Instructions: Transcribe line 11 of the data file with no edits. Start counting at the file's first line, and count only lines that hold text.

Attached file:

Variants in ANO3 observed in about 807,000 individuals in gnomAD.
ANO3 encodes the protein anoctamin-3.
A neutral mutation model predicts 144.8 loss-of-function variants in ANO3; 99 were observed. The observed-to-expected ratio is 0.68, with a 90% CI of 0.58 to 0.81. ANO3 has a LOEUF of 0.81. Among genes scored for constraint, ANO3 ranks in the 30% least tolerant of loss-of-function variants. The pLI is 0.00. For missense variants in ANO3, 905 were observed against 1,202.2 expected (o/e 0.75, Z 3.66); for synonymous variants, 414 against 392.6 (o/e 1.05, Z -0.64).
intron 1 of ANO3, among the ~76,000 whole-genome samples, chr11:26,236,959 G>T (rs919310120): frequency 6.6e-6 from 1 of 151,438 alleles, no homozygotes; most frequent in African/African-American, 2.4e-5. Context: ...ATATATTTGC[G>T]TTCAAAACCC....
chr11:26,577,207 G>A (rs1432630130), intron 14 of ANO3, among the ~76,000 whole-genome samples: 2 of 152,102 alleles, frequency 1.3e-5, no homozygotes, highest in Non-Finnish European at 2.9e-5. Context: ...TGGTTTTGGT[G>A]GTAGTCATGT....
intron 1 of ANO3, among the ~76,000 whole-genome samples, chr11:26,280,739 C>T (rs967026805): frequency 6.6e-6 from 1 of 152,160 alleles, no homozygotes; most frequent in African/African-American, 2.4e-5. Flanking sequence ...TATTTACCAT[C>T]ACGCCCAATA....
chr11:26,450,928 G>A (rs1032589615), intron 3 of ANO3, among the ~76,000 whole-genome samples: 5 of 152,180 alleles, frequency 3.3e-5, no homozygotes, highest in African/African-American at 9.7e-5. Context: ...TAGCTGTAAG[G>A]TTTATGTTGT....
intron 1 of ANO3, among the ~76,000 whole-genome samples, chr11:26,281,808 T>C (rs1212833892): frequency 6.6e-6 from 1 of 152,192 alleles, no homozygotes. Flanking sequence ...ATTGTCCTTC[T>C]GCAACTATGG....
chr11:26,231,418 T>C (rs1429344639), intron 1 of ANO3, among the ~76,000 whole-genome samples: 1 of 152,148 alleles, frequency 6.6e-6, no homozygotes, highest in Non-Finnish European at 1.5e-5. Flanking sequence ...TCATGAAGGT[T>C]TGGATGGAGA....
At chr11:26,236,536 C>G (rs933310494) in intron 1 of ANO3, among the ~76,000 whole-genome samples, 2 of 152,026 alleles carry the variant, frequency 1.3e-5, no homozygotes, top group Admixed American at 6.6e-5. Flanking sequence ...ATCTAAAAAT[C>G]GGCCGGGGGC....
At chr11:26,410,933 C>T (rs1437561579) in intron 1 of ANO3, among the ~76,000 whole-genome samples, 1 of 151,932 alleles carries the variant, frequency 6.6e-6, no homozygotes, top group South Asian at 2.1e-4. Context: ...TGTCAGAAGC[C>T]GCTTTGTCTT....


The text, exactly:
At chr11:26,410,933 C>T (rs1437561579) in intron 1 of ANO3, among the ~76,000 whole-genome samples, 1 of 151,932 alleles carries the variant, frequency 6.6e-6, no homozygotes, top group South Asian at 2.1e-4. Context: ...TGTCAGAAGC[C>T]GCTTTGTCTT....